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Benson J. Lossing, Pictorial Field Book of the Civil War. Volume 1. 197 7 Browse Search
Harper's Encyclopedia of United States History (ed. Benson Lossing) 111 21 Browse Search
Col. O. M. Roberts, Confederate Military History, a library of Confederate States Military History: Volume 12.1, Alabama (ed. Clement Anselm Evans) 97 5 Browse Search
Rebellion Record: a Diary of American Events: Documents and Narratives, Volume 11. (ed. Frank Moore) 91 7 Browse Search
Rebellion Record: a Diary of American Events: Documents and Narratives, Volume 1. (ed. Frank Moore) 71 7 Browse Search
Rebellion Record: a Diary of American Events, Diary from December 17, 1860 - April 30, 1864 (ed. Frank Moore) 68 12 Browse Search
Thomas C. DeLeon, Four years in Rebel capitals: an inside view of life in the southern confederacy, from birth to death. 62 0 Browse Search
Jefferson Davis, The Rise and Fall of the Confederate Government 60 4 Browse Search
Hon. J. L. M. Curry , LL.D., William Robertson Garrett , A. M. , Ph.D., Confederate Military History, a library of Confederate States Military History: Volume 1.1, Legal Justification of the South in secession, The South as a factor in the territorial expansion of the United States (ed. Clement Anselm Evans) 57 3 Browse Search
Alfred Roman, The military operations of General Beauregard in the war between the states, 1861 to 1865 56 26 Browse Search
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Browsing named entities in Col. O. M. Roberts, Confederate Military History, a library of Confederate States Military History: Volume 12.1, Alabama (ed. Clement Anselm Evans). You can also browse the collection for Montgomery (Alabama, United States) or search for Montgomery (Alabama, United States) in all documents.

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ille, having succeeded in making treaties with the Indians, sailed up the Alabama river, passed the present location of Montgomery and established Fort Toulouse, at the site of the present town of Wetumpka. Later, a settlement was made at MontgomeryFort Toulouse, at the site of the present town of Wetumpka. Later, a settlement was made at Montgomery, and Fort Tombecbee was established at what is now called Jones' Bluff. Fort Toulouse contained four bastions, mounted with eight cannon, and was garrisoned by the French till 1763, except for a short period in 1722 when the troops mutinied, killedMontgomery, and Fort Tombecbee was established at what is now called Jones' Bluff. Fort Toulouse contained four bastions, mounted with eight cannon, and was garrisoned by the French till 1763, except for a short period in 1722 when the troops mutinied, killed their commander and deserted the garrison. In 1719, France was at war with Spain, and on May 4th Lord Bienville attacked Pensacola, captured the garrison and sent the captives to Havana. Later, during the summer, Matamora, the Spanish governor oFort Toulouse contained four bastions, mounted with eight cannon, and was garrisoned by the French till 1763, except for a short period in 1722 when the troops mutinied, killed their commander and deserted the garrison. In 1719, France was at war with Spain, and on May 4th Lord Bienville attacked Pensacola, captured the garrison and sent the captives to Havana. Later, during the summer, Matamora, the Spanish governor of Cuba, retook Pensacola. The Spaniards landed on Dauphin island and bombarded Fort Filippe, but were repulsed by Sevigny, whose command consisted of 260 soldiers and 200 Indians. The French fleet arrived, Pensacola was again retaken by the French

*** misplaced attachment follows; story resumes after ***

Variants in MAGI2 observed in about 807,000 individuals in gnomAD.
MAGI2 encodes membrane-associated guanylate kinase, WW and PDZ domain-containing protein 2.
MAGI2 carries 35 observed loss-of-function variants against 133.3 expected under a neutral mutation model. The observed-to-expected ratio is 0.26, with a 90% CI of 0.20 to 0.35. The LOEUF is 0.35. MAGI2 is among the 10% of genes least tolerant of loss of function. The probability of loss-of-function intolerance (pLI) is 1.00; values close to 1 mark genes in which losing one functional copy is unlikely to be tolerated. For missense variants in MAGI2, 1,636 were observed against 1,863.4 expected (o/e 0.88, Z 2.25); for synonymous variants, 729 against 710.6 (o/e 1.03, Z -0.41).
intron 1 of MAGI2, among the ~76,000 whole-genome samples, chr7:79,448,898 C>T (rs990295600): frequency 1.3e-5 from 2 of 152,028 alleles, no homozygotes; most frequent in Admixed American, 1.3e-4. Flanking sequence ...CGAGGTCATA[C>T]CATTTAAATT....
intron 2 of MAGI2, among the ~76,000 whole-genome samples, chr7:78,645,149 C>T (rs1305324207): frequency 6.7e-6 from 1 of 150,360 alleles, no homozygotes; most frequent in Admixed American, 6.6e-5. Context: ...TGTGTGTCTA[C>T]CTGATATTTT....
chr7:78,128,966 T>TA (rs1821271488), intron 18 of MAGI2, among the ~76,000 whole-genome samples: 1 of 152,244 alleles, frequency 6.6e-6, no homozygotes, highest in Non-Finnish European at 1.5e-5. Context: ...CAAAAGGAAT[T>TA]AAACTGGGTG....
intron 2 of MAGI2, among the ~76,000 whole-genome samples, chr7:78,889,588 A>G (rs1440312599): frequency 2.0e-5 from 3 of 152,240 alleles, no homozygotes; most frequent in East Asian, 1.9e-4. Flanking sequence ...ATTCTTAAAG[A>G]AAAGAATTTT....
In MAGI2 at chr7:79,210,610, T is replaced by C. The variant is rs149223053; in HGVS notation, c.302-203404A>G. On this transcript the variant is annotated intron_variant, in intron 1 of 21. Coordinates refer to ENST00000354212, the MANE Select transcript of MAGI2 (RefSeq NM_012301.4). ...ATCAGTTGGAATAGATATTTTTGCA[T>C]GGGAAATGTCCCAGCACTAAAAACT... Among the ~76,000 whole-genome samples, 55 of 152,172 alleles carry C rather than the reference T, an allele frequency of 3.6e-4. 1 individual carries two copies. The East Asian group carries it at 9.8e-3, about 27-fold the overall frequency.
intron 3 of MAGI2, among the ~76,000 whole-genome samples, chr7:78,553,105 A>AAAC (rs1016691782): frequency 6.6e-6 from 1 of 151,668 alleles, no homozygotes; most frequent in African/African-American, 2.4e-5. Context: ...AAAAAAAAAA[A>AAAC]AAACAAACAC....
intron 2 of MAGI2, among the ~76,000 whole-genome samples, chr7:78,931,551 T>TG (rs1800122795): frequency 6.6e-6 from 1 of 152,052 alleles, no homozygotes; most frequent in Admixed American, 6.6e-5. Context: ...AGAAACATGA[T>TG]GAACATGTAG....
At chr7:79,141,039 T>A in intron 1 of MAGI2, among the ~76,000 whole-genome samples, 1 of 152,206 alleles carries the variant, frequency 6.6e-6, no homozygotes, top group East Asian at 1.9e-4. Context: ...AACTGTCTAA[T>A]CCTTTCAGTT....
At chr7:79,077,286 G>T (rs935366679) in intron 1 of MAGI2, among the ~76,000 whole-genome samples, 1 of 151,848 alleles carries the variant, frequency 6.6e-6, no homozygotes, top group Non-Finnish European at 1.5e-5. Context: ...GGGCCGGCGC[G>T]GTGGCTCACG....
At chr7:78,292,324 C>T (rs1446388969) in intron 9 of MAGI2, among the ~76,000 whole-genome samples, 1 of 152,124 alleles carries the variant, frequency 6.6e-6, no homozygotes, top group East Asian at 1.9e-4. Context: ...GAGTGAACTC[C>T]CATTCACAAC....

ed widespread terror and alarm. The prevailing sentiment on every side was that prompt action was essential to protect lives and property. As early as 1848 this aggression on the rights of the South had become such a menace that John C. Calhoun contended that we ought to force the issue of the slavery question in the North; and said, moreover, We are now stronger, relatively, than we shall be hereafter politically and morally. The Democratic party of Alabama assembled in convention at Montgomery, January 11, 1860, and with scarcely a dissenting voice adopted resolutions in substance as follows: That the principles recognized by the Supreme court in the Dred Scott case should be maintained by the South; that their delegates to the approaching national Democratic convention at Charleston should present these resolutions for the adoption of that body; that they insist upon the adoption of the resolutions in substance, and that if they be not adopted, the delegates must withdraw. T
ld on December 24th. The convention met on January 7, 1861, in the hall of representatives at Montgomery. Of the 100 men composing this body, many afterward proved their devotion to their State on tlabama by their delegates in convention on the 4th day of February, A. D. 1861, at the city of Montgomery in the State of Alabama, for the purpose of consulting with each other as to the most effectua in said resolutions. Done by the people of the State of Alabama in convention assembled at Montgomery, on this, the 11th day of January, A. D. 1861. During December and January, Governor Moore to destroy everything which could benefit the Confederate cause. General Wilson proceeded to Montgomery, which he occupied April 12th, and then resumed his march into Georgia. Meanwhile General Cwhen the war broke out. Late in April, 1861, he returned home and reported at once for duty at Montgomery. He was commissioned as first lieutenant of artillery in the Confederate army and ordered to